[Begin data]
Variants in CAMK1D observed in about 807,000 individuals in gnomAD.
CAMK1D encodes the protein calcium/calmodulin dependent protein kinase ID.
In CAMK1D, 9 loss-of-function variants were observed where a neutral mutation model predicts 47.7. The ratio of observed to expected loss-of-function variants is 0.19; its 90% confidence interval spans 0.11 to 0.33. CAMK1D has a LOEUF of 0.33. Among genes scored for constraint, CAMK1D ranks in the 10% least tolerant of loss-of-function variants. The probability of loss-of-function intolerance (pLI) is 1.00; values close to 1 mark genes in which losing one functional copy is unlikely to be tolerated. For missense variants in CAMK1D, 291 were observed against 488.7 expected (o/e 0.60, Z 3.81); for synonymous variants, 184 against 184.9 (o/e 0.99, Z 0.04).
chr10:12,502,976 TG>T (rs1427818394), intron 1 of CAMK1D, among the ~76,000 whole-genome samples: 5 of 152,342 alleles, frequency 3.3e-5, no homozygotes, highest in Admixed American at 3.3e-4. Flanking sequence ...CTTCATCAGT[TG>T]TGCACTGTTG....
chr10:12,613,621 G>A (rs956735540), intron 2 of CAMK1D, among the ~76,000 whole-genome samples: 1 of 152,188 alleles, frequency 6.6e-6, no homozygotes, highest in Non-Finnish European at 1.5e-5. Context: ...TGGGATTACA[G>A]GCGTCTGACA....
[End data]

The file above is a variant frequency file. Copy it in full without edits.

Variants in CAMK1D observed in about 807,000 individuals in gnomAD.
CAMK1D encodes the protein calcium/calmodulin dependent protein kinase ID.
In CAMK1D, 9 loss-of-function variants were observed where a neutral mutation model predicts 47.7. The ratio of observed to expected loss-of-function variants is 0.19; its 90% confidence interval spans 0.11 to 0.33. CAMK1D has a LOEUF of 0.33. Among genes scored for constraint, CAMK1D ranks in the 10% least tolerant of loss-of-function variants. The probability of loss-of-function intolerance (pLI) is 1.00; values close to 1 mark genes in which losing one functional copy is unlikely to be tolerated. For missense variants in CAMK1D, 291 were observed against 488.7 expected (o/e 0.60, Z 3.81); for synonymous variants, 184 against 184.9 (o/e 0.99, Z 0.04).
chr10:12,502,976 TG>T (rs1427818394), intron 1 of CAMK1D, among the ~76,000 whole-genome samples: 5 of 152,342 alleles, frequency 3.3e-5, no homozygotes, highest in Admixed American at 3.3e-4. Flanking sequence ...CTTCATCAGT[TG>T]TGCACTGTTG....
chr10:12,613,621 G>A (rs956735540), intron 2 of CAMK1D, among the ~76,000 whole-genome samples: 1 of 152,188 alleles, frequency 6.6e-6, no homozygotes, highest in Non-Finnish European at 1.5e-5. Context: ...TGGGATTACA[G>A]GCGTCTGACA....